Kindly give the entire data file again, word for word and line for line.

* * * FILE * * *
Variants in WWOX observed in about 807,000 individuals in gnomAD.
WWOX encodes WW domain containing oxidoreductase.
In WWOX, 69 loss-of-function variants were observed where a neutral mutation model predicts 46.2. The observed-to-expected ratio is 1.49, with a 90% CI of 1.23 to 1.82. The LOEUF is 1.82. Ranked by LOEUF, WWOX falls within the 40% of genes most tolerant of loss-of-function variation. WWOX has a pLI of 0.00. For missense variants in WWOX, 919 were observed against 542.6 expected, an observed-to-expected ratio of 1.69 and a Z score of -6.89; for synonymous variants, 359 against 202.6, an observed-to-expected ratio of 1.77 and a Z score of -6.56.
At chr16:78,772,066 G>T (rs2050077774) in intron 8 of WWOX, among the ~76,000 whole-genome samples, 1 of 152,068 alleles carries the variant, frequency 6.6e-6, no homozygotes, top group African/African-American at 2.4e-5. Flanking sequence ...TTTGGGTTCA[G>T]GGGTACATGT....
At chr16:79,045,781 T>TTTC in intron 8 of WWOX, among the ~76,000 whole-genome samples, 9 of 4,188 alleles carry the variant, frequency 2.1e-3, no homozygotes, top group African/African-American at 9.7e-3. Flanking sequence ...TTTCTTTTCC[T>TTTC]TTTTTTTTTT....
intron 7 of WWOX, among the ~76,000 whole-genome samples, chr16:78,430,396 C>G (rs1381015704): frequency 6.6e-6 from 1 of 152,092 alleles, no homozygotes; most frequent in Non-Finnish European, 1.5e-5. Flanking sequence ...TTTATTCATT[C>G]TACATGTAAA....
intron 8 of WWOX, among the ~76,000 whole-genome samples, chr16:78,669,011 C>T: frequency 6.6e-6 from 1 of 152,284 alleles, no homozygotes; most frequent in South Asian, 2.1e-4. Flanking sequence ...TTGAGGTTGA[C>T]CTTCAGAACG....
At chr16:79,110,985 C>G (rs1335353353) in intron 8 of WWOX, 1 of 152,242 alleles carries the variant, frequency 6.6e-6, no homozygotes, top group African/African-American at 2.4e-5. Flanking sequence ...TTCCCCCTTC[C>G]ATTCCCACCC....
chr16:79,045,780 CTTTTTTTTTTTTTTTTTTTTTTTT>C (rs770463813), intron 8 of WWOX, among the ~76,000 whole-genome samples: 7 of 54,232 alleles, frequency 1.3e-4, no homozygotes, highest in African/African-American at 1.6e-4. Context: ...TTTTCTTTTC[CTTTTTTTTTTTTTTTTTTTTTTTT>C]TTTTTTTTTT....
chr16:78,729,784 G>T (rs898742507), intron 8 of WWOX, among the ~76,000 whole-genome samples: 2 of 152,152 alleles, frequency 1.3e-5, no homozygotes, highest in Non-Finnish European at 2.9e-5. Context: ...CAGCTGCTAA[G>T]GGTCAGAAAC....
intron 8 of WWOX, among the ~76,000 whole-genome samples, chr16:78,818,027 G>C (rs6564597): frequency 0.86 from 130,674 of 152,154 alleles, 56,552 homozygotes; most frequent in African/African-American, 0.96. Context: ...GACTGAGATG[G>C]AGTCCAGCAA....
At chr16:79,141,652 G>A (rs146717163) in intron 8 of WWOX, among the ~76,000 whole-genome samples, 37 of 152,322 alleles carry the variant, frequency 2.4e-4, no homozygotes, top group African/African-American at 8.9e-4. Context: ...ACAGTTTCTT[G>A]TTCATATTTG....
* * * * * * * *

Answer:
Variants in WWOX observed in about 807,000 individuals in gnomAD.
WWOX encodes WW domain containing oxidoreductase.
In WWOX, 69 loss-of-function variants were observed where a neutral mutation model predicts 46.2. The observed-to-expected ratio is 1.49, with a 90% CI of 1.23 to 1.82. The LOEUF is 1.82. Ranked by LOEUF, WWOX falls within the 40% of genes most tolerant of loss-of-function variation. WWOX has a pLI of 0.00. For missense variants in WWOX, 919 were observed against 542.6 expected, an observed-to-expected ratio of 1.69 and a Z score of -6.89; for synonymous variants, 359 against 202.6, an observed-to-expected ratio of 1.77 and a Z score of -6.56.
At chr16:78,772,066 G>T (rs2050077774) in intron 8 of WWOX, among the ~76,000 whole-genome samples, 1 of 152,068 alleles carries the variant, frequency 6.6e-6, no homozygotes, top group African/African-American at 2.4e-5. Flanking sequence ...TTTGGGTTCA[G>T]GGGTACATGT....
At chr16:79,045,781 T>TTTC in intron 8 of WWOX, among the ~76,000 whole-genome samples, 9 of 4,188 alleles carry the variant, frequency 2.1e-3, no homozygotes, top group African/African-American at 9.7e-3. Flanking sequence ...TTTCTTTTCC[T>TTTC]TTTTTTTTTT....
intron 7 of WWOX, among the ~76,000 whole-genome samples, chr16:78,430,396 C>G (rs1381015704): frequency 6.6e-6 from 1 of 152,092 alleles, no homozygotes; most frequent in Non-Finnish European, 1.5e-5. Flanking sequence ...TTTATTCATT[C>G]TACATGTAAA....
intron 8 of WWOX, among the ~76,000 whole-genome samples, chr16:78,669,011 C>T: frequency 6.6e-6 from 1 of 152,284 alleles, no homozygotes; most frequent in South Asian, 2.1e-4. Flanking sequence ...TTGAGGTTGA[C>T]CTTCAGAACG....
At chr16:79,110,985 C>G (rs1335353353) in intron 8 of WWOX, 1 of 152,242 alleles carries the variant, frequency 6.6e-6, no homozygotes, top group African/African-American at 2.4e-5. Flanking sequence ...TTCCCCCTTC[C>G]ATTCCCACCC....
chr16:79,045,780 CTTTTTTTTTTTTTTTTTTTTTTTT>C (rs770463813), intron 8 of WWOX, among the ~76,000 whole-genome samples: 7 of 54,232 alleles, frequency 1.3e-4, no homozygotes, highest in African/African-American at 1.6e-4. Context: ...TTTTCTTTTC[CTTTTTTTTTTTTTTTTTTTTTTTT>C]TTTTTTTTTT....
chr16:78,729,784 G>T (rs898742507), intron 8 of WWOX, among the ~76,000 whole-genome samples: 2 of 152,152 alleles, frequency 1.3e-5, no homozygotes, highest in Non-Finnish European at 2.9e-5. Context: ...CAGCTGCTAA[G>T]GGTCAGAAAC....
intron 8 of WWOX, among the ~76,000 whole-genome samples, chr16:78,818,027 G>C (rs6564597): frequency 0.86 from 130,674 of 152,154 alleles, 56,552 homozygotes; most frequent in African/African-American, 0.96. Context: ...GACTGAGATG[G>C]AGTCCAGCAA....
At chr16:79,141,652 G>A (rs146717163) in intron 8 of WWOX, among the ~76,000 whole-genome samples, 37 of 152,322 alleles carry the variant, frequency 2.4e-4, no homozygotes, top group African/African-American at 8.9e-4. Context: ...ACAGTTTCTT[G>A]TTCATATTTG....